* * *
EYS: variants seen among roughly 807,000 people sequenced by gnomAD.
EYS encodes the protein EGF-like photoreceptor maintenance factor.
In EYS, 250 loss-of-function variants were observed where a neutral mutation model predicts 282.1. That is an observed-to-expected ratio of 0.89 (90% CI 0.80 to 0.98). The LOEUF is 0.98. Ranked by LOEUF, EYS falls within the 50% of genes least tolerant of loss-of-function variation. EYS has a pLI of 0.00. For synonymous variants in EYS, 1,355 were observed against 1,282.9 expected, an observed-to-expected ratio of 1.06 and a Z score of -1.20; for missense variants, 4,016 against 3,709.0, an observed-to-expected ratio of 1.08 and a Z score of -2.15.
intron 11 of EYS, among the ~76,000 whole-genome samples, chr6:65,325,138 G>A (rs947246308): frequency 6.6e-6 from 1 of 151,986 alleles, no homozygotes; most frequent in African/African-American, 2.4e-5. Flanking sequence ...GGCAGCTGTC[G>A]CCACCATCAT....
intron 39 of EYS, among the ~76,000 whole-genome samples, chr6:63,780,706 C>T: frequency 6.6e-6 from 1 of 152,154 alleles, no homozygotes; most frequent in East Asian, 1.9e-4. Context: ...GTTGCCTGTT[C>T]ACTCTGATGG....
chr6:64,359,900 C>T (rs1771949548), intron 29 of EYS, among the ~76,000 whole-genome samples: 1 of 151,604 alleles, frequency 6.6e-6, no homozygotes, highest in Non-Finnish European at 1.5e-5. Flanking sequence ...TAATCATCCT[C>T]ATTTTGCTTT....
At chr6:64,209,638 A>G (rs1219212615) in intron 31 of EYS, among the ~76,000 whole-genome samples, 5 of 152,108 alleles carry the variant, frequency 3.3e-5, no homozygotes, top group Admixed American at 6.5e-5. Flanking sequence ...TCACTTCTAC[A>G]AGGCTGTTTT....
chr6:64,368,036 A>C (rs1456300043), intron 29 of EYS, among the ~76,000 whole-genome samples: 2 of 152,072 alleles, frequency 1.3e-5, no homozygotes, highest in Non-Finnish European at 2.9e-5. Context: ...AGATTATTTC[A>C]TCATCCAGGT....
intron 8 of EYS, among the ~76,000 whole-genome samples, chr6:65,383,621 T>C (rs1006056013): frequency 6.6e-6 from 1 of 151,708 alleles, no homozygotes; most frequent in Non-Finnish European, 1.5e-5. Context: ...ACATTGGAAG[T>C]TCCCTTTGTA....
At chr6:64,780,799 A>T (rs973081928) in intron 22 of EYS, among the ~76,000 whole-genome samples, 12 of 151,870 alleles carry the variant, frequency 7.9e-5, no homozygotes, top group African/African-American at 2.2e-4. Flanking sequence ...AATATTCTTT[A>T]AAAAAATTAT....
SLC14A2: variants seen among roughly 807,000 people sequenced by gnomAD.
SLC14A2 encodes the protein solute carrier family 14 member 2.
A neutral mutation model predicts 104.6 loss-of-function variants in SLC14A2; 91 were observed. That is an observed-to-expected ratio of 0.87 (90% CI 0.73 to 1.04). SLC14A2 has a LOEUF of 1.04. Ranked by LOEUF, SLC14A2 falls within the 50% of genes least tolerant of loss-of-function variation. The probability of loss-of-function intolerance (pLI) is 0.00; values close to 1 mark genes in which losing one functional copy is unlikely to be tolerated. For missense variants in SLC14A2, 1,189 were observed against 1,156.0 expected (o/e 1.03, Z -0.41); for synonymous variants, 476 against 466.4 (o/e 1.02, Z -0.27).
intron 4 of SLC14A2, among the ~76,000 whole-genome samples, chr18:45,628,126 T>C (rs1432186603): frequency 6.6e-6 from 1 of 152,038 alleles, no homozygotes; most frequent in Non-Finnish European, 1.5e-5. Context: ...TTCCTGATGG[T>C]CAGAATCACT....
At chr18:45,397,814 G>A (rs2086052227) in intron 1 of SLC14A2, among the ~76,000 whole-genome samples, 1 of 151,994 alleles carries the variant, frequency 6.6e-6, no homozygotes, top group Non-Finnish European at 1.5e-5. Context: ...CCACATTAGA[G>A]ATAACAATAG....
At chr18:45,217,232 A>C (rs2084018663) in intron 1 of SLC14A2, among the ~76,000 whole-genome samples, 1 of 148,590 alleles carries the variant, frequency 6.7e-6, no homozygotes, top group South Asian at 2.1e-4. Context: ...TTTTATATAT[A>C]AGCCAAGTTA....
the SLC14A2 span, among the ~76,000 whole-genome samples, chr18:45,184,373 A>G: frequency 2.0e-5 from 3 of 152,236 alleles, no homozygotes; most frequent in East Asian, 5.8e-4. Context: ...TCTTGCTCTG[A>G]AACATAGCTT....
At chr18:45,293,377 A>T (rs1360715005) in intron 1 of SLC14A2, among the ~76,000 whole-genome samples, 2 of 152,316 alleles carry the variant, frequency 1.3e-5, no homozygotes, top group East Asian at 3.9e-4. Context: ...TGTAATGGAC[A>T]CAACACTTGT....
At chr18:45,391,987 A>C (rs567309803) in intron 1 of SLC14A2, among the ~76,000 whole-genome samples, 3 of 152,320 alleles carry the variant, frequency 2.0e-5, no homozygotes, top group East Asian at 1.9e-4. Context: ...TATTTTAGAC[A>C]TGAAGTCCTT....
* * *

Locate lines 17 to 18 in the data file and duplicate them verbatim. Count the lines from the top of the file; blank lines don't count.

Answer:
the SLC14A2 span, among the ~76,000 whole-genome samples, chr18:45,184,373 A>G: frequency 2.0e-5 from 3 of 152,236 alleles, no homozygotes; most frequent in East Asian, 5.8e-4. Context: ...TCTTGCTCTG[A>G]AACATAGCTT....
At chr18:45,293,377 A>T (rs1360715005) in intron 1 of SLC14A2, among the ~76,000 whole-genome samples, 2 of 152,316 alleles carry the variant, frequency 1.3e-5, no homozygotes, top group East Asian at 3.9e-4. Context: ...TGTAATGGAC[A>T]CAACACTTGT....